Chris Kyriakakis, founding director of USC’s Immersive Audio Lab and a USC Viterbi electrical engineering professor, lived his childhood in their shadow.
“As a boy, I was captivated by the sound of the city’s churches,” Kyriakakis said. “The first thing that hits you when you walk into these ancient spaces is the silence. When a sound finally drops, it completely envelops you.”
Though his career path took him far from the city of his birth, Kyriakakis dreamed that one day he’d be able to transport the sacred sounds of Thessaloniki to the world. He wanted to re-create ancient spaces that no longer exist using only sound. He calls them “acoustic museums.”
He imagines pilgrims entering a dark room to be transported into an immersive acoustical journey into antiquity. Ancient structures battered by war, urbanization or natural disasters would be resurrected in a temple of virtual surround-sound.
Imagine walking through the ancient city of Palmyra, Syria, which was largely destroyed last year by the Islamic State, via such an acoustic museum — experiencing 3-D, or “binaural” sound without earphones. Every sound has its own position and orientation: You hear birds chirping out a window to your right, priests talking quietly behind you, the hissing sound of the wind to your back, and approaching children chanting to your right. Palmyra reborn.
“Positional sound is what makes virtual reality experiences so convincing,” Kyriakakis said. “You’ll always feel the VR goggles on your eyes, but with sound we can truly suspend your disbelief. You’ll have to duck your head from the sounds coming at you.”
Kyriakakis’ research interests lie at the intersection of acoustics, psychoacoustics and audio signal processing. Hear him clap his hands as he enters a room to test its acoustic qualities.
These days he’s working to solve acoustical and perceptual limitations that degrade audio quality in every electronic device that has speakers and ears. One day, when we’re able to converse with our refrigerator, we can thank Kyriakakis that it understands us.
Through his audio tech company, Audyssey, Kyriakakis holds several patents on products found in millions of homes, cars, movie theaters and soon, PCs and mobile devices. In short, Kyriakakis lives and breathes sound.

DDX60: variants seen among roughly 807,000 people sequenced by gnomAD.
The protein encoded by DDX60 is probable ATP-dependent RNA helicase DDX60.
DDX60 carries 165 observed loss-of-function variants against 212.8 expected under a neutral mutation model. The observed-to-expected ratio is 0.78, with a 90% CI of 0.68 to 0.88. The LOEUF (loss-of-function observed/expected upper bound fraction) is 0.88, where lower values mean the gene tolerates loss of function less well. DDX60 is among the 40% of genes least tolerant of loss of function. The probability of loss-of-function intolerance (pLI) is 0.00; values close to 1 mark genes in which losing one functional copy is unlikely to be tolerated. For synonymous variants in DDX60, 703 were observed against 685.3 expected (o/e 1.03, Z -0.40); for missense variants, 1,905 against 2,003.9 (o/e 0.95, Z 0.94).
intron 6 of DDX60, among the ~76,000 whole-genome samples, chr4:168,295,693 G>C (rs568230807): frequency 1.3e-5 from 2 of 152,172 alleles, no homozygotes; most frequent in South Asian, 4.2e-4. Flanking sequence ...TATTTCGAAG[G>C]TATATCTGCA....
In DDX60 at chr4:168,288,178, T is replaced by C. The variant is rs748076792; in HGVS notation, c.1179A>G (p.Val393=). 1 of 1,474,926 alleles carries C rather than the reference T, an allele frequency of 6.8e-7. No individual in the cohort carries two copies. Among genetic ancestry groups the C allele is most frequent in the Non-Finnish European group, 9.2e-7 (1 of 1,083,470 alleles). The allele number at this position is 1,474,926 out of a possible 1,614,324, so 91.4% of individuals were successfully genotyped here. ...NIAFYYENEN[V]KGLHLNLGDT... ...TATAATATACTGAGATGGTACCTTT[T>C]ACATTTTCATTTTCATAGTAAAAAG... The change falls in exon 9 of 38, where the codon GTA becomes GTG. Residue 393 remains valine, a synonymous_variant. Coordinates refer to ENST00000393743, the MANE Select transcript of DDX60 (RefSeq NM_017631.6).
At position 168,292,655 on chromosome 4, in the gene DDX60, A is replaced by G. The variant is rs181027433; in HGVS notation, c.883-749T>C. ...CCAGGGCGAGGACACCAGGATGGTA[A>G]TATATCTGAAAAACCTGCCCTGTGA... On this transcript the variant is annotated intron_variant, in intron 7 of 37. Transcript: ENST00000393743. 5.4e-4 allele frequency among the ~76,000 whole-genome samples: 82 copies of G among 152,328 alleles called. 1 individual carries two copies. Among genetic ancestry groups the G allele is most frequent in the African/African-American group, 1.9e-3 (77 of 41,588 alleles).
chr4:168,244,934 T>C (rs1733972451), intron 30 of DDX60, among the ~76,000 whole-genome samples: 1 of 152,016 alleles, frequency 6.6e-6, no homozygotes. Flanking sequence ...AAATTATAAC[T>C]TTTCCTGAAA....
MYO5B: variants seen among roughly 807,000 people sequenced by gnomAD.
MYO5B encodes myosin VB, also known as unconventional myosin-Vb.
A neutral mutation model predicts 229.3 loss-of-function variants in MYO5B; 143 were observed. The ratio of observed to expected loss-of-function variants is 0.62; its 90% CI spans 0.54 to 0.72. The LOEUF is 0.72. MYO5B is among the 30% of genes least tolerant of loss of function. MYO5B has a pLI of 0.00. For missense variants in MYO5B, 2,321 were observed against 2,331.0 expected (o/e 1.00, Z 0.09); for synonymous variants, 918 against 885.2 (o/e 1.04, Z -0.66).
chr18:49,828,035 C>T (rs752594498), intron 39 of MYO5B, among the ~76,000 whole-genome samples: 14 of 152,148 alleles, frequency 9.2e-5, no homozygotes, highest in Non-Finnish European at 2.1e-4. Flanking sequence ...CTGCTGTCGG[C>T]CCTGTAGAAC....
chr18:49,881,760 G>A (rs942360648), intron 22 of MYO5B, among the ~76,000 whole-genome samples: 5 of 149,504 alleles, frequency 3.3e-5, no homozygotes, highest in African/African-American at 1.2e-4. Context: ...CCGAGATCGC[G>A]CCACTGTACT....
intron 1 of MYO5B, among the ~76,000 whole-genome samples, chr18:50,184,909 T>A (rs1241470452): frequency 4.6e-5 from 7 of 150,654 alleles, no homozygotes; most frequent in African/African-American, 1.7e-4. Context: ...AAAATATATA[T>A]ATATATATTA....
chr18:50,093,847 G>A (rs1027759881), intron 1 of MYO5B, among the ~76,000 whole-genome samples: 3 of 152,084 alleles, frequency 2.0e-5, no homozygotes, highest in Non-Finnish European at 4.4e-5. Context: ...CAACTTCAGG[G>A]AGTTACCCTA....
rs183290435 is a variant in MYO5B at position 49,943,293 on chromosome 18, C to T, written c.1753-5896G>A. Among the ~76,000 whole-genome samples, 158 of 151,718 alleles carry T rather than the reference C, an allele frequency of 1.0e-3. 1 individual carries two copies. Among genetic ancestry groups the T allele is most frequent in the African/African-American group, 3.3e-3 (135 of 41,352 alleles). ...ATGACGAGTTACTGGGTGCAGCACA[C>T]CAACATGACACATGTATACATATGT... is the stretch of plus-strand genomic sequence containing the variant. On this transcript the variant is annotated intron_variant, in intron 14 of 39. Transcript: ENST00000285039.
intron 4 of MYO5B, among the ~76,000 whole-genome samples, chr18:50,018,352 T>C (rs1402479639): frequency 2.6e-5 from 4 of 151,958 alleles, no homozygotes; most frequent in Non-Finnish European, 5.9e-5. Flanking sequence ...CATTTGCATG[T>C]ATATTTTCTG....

So when Sharon Gerstel, UCLA professor of Byzantine art history and archaeology, invited him to record chants in ancient churches in Thessaloniki over the summer, Kyriakakis loved the sound of it. He joined Gerstel as the co-primary investigator of an international project.
Their team included James Donahue, a professor of music production and engineering at the Berklee College of Music and a recording engineer for the Boston Symphony Orchestra; Amy Papalexandrou, a professor of architectural history at Stockton College in New Jersey; Konstantinos Raptis, an archaeologist in Thessaloniki; and Spyridon Antonopoulos, a musicologist from City University London.
Gerstel had spent her academic career studying ritual and art, particularly focusing on monumental painting. Involved in numerous excavations in Greece, she was now unearthing a theory she wanted Kyriakakis to test in Thessaloniki.
“The ancients were far more aware of acoustics than we think,” Gerstel said. “Imagine the ability to hear the difference and understand how buildings had changed over time. Is it possible that church designs evolved to optimize the sound of liturgical music?”
The question intrigued Kyriakakis: Could this project lead the way to creating our first acoustic museum? he thought.
Kyriakakis packed his latest instruments in audio recording technology and traveled home, back into the 14th century.
It was an important starting place because the 14th century marked the end of a 500-year period when Byzantine churches shrank in size. Traditional scholars suggested it was the result of the dwindling size of monastic communities.
But it was also a time of revival in sacred art and music. The paintings and mosaics in churches began to flesh out the chants with inscriptions from hymns and singers gesturing to one another from opposite walls, as if conversing. The music also changed into a form called kalophonic, or beautiful voice, with soloists embellishing the hymns to create a more soulful, personal expression.
“We also began to see the proliferation of domes,” said Kyriakakis. “Early churches were rectangular, barn-shaped structures. Domes played a crucial role in the amplification of sound.”
Gerstel believes the placement of frescoes inside the churches was not merely ornamental. The artworks instructed the chanters where to stand when they performed, especially when certain parts of the liturgy needed to be emphasized and made more intelligible.
“These new churches were designed to be smaller, and were even decorated differently to enhance the performance of the chants,” Gerstel said.
To test her intuition, the team had a single chanter stand at the threshold of the sanctuary in the church of St. Nicholas Orphanos facing east, while Gerstel stood below the image of the chanters. “The sound rolled out through the portal as if through a microphone,” Gerstel said, “as if the monks [in the painting] were singing.”
Kyriakakis observed the holes in the walls behind which large clay vessels were hidden. The ancient vessels had acoustical absorption qualities and were tuned to specific frequencies to achieve the desired levels of reverberation.
“The sound penetrates you,” said Kyriakakis. “You are no longer just standing there listening, you’re wrapped in it.”
Gerstel, who has also written extensively on Byzantine empresses, village widows and rural nuns, wants to return with Kyriakakis to Thessaloniki and study the effect of the female voice on church design.
Meanwhile, Kyriakakis is engineering the first acoustic museum — an ancient virtual space where our modern ears can reach out and experience the ethereal.